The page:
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Anne Of Green Gables Lucy Maud Montgomery

Chapter XVII A New Interest in Life

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THE next afternoon Anne, bending over her patchwork at the kitchen window, happened to glance out and beheld Diana down by the Dryad's Bubble beckoning mysteriously. In a trice Anne was out of the house and flying down to the hollow, astonishment and hope struggling in her expressive eyes. But the hope faded when she saw Diana's dejected countenance.

"Your mother hasn't relented?" she gasped.

Diana shook her head mournfully.

"No; and oh, Anne, she says I'm never to play with you again. I've cried and cried and I told her it wasn't your fault, but it wasn't any use. I had ever such a time coaxing her to let me come down and say good-bye to you. She said I was only to stay ten minutes and she's timing me by the clock."

"Ten minutes isn't very long to say an eternal farewell in," said Anne tearfully. "Oh, Diana, will you promise faithfully never to forget me, the friend of your youth, no matter what dearer friends may caress thee?"

"Indeed I will," sobbed Diana, "and I'll never have another bosom friend--I don't want to have. I couldn't love anybody as I love you."

"Oh, Diana," cried Anne, clasping her hands, "do you LOVE me?"

"Why, of course I do. Didn't you know that?"

"No." Anne drew a long breath. "I thought you LIKED me of course but I never hoped you LOVED me. Why, Diana, I didn't think anybody could love me. Nobody ever has loved me since I can remember. Oh, this is wonderful! It's a ray of light which will forever shine on the darkness of a path severed from thee, Diana. Oh, just say it once again."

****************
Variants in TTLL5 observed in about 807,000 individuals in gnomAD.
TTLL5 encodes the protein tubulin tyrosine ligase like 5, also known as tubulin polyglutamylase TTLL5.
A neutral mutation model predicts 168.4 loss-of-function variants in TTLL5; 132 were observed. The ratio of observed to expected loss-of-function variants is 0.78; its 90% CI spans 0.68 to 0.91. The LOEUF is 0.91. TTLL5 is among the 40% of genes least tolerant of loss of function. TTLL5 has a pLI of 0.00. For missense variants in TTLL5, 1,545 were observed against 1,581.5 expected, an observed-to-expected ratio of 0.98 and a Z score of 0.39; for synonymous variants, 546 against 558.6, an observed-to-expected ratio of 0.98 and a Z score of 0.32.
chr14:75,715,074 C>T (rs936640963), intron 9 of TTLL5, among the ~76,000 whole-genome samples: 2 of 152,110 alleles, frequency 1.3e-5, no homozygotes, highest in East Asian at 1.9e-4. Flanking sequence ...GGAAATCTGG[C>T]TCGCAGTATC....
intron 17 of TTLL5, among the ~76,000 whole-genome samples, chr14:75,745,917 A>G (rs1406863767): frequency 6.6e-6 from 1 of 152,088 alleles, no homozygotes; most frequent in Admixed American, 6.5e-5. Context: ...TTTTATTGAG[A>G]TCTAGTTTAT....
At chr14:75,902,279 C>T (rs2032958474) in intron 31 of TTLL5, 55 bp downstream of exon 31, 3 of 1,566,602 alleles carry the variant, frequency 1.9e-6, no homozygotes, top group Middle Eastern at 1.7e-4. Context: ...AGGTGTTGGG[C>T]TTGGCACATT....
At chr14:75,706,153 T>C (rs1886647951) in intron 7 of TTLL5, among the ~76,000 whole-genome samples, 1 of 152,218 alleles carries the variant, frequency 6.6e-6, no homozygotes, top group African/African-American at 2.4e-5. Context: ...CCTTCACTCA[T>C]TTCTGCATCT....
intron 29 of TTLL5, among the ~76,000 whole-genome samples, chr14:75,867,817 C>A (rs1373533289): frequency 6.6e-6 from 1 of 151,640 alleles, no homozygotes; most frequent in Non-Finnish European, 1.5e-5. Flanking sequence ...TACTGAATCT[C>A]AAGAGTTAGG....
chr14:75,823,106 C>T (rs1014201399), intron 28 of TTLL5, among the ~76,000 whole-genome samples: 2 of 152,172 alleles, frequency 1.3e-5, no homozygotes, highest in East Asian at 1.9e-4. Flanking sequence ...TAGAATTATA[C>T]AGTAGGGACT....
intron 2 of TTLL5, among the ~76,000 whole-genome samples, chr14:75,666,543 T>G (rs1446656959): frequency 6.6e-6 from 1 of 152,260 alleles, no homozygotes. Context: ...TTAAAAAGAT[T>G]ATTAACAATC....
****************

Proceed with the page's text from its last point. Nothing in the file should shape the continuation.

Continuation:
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"I love you devotedly, Anne," said Diana stanchly, "and I always will, you may be sure of that."

"And I will always love thee, Diana," said Anne, solemnly extending her hand. "In the years to come thy memory will shine like a star over my lonely life, as that last story we read together says. Diana, wilt thou give me a lock of thy jet-black tresses in parting to treasure forevermore?"

"Have you got anything to cut it with?" queried Diana, wiping away the tears which Anne's affecting accents had caused to flow afresh, and returning to practicalities.

"Yes. I've got my patchwork scissors in my apron pocket fortunately," said Anne. She solemnly clipped one of Diana's curls. "Fare thee well, my beloved friend. Henceforth we must be as strangers though living side by side. But my heart will ever be faithful to thee."

Anne stood and watched Diana out of sight, mournfully waving her hand to the latter whenever she turned to look back. Then she returned to the house, not a little consoled for the time being by this romantic parting.

"It is all over," she informed Marilla. "I shall never have another friend. I'm really worse off than ever before, for I haven't Katie Maurice and Violetta now. And even if I had it wouldn't be the same. Somehow, little dream girls are not satisfying after a real friend. Diana and I had such an affecting farewell down by the spring. It will be sacred in my memory forever. I used the most pathetic language I could think of and said `thou' and `thee.' `Thou' and `thee' seem so much more romantic than `you.' Diana gave me a lock of her hair and I'm going to sew it up in a little bag and wear it around my neck all my life. Please see that it is buried with me, for I don't believe I'll live very long. Perhaps when she sees me lying cold and dead before her Mrs. Barry may feel remorse for what she has done and will let Diana come to my funeral."

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Anne Of Green Gables
Lucy Maud Montgomery

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